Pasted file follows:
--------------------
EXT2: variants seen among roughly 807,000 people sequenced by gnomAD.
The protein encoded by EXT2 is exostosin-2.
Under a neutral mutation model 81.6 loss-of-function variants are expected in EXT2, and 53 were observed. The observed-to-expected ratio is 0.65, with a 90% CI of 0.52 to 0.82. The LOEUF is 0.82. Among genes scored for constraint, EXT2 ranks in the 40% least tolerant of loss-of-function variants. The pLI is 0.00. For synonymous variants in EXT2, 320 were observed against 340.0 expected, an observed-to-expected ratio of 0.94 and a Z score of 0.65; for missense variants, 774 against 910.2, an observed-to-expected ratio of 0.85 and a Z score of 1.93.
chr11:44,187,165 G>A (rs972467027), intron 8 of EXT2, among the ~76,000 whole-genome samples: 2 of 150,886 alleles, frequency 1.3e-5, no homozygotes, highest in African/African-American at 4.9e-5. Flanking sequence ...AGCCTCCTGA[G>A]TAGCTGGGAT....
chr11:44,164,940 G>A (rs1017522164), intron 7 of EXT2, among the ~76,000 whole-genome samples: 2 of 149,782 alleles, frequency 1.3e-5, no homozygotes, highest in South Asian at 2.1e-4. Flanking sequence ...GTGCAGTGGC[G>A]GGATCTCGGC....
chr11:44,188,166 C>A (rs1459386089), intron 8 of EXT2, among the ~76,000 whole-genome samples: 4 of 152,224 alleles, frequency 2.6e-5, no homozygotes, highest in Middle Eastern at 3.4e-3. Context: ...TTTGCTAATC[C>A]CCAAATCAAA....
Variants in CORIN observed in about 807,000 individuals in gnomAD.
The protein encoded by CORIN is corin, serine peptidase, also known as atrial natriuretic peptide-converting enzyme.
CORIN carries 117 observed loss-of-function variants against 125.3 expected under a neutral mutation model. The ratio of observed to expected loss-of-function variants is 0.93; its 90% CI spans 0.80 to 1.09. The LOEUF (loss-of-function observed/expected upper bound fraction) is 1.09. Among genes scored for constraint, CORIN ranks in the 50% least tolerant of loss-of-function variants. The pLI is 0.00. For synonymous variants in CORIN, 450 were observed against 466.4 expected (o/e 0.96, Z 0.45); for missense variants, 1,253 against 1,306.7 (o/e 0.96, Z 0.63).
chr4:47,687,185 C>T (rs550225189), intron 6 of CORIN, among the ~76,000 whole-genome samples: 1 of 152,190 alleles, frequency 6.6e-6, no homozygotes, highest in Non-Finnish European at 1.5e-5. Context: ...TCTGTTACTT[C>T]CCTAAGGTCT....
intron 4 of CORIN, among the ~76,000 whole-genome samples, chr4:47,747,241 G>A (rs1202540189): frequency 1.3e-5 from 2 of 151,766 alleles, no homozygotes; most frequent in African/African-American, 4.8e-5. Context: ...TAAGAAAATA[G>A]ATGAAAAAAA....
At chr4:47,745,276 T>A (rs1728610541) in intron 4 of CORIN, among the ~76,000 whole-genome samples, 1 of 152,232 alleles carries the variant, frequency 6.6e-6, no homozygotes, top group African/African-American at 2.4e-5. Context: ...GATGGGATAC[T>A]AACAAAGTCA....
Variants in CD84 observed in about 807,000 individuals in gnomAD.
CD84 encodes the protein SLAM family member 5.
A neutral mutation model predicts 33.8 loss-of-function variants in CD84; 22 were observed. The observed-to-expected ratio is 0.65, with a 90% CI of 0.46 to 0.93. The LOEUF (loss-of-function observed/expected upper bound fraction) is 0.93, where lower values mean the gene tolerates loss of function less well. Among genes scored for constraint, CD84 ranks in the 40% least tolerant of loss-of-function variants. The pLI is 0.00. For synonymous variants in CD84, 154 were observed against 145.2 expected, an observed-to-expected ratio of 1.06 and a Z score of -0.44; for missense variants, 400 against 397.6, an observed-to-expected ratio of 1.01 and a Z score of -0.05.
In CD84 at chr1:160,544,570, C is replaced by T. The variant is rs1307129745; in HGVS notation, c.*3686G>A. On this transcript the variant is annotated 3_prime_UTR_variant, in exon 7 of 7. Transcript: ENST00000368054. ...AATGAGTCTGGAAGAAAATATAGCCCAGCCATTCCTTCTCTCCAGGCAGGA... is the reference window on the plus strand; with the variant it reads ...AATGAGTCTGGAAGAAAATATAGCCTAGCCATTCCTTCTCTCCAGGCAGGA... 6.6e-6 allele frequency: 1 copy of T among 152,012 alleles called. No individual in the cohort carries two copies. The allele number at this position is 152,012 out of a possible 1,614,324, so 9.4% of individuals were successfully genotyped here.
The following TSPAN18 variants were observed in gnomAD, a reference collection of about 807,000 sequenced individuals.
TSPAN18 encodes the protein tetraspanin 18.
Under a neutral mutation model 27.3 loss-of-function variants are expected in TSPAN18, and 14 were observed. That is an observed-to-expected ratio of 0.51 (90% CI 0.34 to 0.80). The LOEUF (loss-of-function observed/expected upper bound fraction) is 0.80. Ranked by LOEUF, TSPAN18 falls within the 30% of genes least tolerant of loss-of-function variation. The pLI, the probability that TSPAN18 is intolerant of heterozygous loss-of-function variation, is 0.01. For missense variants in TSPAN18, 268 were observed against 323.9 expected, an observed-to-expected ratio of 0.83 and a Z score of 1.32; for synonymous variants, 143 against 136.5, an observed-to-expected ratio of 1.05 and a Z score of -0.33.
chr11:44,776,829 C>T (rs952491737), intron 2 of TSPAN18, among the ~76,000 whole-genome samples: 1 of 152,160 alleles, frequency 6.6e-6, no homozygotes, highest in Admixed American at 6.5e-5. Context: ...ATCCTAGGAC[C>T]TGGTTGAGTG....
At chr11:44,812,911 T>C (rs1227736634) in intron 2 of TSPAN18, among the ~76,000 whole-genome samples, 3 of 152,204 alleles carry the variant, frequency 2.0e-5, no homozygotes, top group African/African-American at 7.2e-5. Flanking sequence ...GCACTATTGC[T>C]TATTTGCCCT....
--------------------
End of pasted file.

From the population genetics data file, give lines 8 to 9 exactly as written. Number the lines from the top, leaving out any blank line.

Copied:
The protein encoded by CORIN is corin, serine peptidase, also known as atrial natriuretic peptide-converting enzyme.
CORIN carries 117 observed loss-of-function variants against 125.3 expected under a neutral mutation model. The ratio of observed to expected loss-of-function variants is 0.93; its 90% CI spans 0.80 to 1.09. The LOEUF (loss-of-function observed/expected upper bound fraction) is 1.09. Among genes scored for constraint, CORIN ranks in the 50% least tolerant of loss-of-function variants. The pLI is 0.00. For synonymous variants in CORIN, 450 were observed against 466.4 expected (o/e 0.96, Z 0.45); for missense variants, 1,253 against 1,306.7 (o/e 0.96, Z 0.63).